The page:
Forum Theme 1
Shared governance is an ideal to which many seem eager to express allegiance. In fact, shared governance is invoked almost as frequently by administrators and administrator-dominated organizations such as the regional accrediting commissions as it is by faculty and faculty groups such as the AAUP. As with many catchphrases, however, shared governance apparently means different things to different people.
All too often shared governance is used to convey the idea that a lot of conversation ought to take place within and among various campus groups—board, administration, faculty, staff, students, etc.—before the people in power make the final decision. This conception might be labeled the “stakeholder” version of shared governance. All of the stakeholders should have a place at the table; everybody, within reason, should be consulted. Once people have talked things over, those in charge make the final decision, presumably after having given serious consideration to the full range of opinions and recommendations. Because “input” is sought and wide communication takes place, governance is said to be shared.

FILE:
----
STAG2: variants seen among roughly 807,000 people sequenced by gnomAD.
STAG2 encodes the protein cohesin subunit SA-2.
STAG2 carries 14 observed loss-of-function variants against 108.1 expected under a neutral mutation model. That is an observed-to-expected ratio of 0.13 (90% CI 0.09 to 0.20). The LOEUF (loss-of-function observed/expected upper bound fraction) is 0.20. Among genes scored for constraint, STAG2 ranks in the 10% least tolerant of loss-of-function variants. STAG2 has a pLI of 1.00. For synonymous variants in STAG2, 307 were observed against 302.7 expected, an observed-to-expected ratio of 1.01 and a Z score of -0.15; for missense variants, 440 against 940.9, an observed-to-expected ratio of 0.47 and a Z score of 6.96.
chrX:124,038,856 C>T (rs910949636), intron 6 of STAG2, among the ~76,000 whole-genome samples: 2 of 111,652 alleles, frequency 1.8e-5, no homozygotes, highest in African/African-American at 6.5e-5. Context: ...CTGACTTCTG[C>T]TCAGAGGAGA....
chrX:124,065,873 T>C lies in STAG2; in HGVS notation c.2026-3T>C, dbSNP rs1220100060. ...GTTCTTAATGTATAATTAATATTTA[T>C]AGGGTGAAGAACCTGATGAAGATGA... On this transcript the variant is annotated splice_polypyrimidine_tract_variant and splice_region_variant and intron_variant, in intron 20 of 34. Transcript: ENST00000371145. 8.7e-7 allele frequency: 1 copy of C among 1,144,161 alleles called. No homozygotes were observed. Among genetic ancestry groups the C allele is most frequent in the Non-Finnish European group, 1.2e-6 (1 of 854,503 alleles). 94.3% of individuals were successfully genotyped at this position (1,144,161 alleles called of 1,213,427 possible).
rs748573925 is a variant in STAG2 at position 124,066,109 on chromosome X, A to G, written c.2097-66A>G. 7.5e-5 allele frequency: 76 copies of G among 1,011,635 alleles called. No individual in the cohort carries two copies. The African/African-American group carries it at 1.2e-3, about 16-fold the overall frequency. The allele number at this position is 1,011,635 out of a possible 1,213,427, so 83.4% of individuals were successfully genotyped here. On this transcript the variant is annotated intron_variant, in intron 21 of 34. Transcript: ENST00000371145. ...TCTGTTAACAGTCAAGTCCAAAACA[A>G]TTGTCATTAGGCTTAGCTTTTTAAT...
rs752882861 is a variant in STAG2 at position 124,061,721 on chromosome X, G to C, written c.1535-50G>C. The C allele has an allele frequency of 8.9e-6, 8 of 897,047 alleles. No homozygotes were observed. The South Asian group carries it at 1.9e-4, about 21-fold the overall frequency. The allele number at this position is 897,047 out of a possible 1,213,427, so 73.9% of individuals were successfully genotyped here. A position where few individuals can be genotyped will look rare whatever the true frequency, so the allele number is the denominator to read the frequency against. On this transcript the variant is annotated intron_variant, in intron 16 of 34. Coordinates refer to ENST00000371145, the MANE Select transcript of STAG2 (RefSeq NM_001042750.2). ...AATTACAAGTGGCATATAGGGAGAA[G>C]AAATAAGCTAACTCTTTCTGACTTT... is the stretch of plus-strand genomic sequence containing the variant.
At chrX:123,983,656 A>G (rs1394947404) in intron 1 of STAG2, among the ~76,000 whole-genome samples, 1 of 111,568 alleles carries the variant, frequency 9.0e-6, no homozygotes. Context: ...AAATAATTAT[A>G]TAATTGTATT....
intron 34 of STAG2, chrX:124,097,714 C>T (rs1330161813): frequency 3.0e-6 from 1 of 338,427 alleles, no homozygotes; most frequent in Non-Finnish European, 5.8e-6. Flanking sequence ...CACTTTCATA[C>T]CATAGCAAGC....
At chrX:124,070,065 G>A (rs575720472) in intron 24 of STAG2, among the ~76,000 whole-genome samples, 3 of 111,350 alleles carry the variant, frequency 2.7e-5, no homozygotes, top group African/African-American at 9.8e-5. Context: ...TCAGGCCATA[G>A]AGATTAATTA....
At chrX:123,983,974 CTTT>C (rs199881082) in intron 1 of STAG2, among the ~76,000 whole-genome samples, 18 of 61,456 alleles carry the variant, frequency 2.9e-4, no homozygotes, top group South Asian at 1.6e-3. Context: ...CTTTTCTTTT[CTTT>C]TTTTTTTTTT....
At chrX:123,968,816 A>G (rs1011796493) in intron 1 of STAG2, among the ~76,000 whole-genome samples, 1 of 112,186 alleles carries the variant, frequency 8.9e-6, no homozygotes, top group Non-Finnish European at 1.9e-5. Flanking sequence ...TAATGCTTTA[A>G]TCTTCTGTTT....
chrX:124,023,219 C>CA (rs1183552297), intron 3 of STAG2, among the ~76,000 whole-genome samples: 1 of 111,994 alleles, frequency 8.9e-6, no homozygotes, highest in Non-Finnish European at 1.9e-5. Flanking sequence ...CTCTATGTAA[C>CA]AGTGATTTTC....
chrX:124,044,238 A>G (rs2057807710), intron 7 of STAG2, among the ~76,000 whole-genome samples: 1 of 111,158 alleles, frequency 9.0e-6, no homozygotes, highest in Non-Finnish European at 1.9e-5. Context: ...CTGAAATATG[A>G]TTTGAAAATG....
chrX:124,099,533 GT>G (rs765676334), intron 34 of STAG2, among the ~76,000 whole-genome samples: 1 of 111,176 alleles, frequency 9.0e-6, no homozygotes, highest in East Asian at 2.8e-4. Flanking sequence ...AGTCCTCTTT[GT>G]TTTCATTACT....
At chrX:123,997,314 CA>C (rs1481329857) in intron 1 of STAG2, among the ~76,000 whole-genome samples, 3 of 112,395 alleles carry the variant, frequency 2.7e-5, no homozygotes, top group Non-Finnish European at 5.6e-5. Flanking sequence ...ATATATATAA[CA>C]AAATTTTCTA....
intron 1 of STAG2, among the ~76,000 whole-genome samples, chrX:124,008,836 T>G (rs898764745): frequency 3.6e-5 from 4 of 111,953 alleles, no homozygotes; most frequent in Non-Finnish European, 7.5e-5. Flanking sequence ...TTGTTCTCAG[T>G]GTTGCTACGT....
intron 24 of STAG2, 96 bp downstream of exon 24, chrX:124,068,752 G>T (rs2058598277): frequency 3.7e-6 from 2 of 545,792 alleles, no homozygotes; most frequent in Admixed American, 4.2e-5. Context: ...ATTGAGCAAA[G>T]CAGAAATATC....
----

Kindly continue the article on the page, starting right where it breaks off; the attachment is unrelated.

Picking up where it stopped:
©2013 Greg Scholtz
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This work is licensed under a Creative Commons Attribution-NonCommercial-No Derivative Works 4.0 International License.
"What Is Shared Governance Anyway?,"
UNIversitas: Journal of Research, Scholarship, and Creative Activity: Vol. 8:
1, Article 3.
Available at: https://scholarworks.uni.edu/universitas/vol8/iss1/3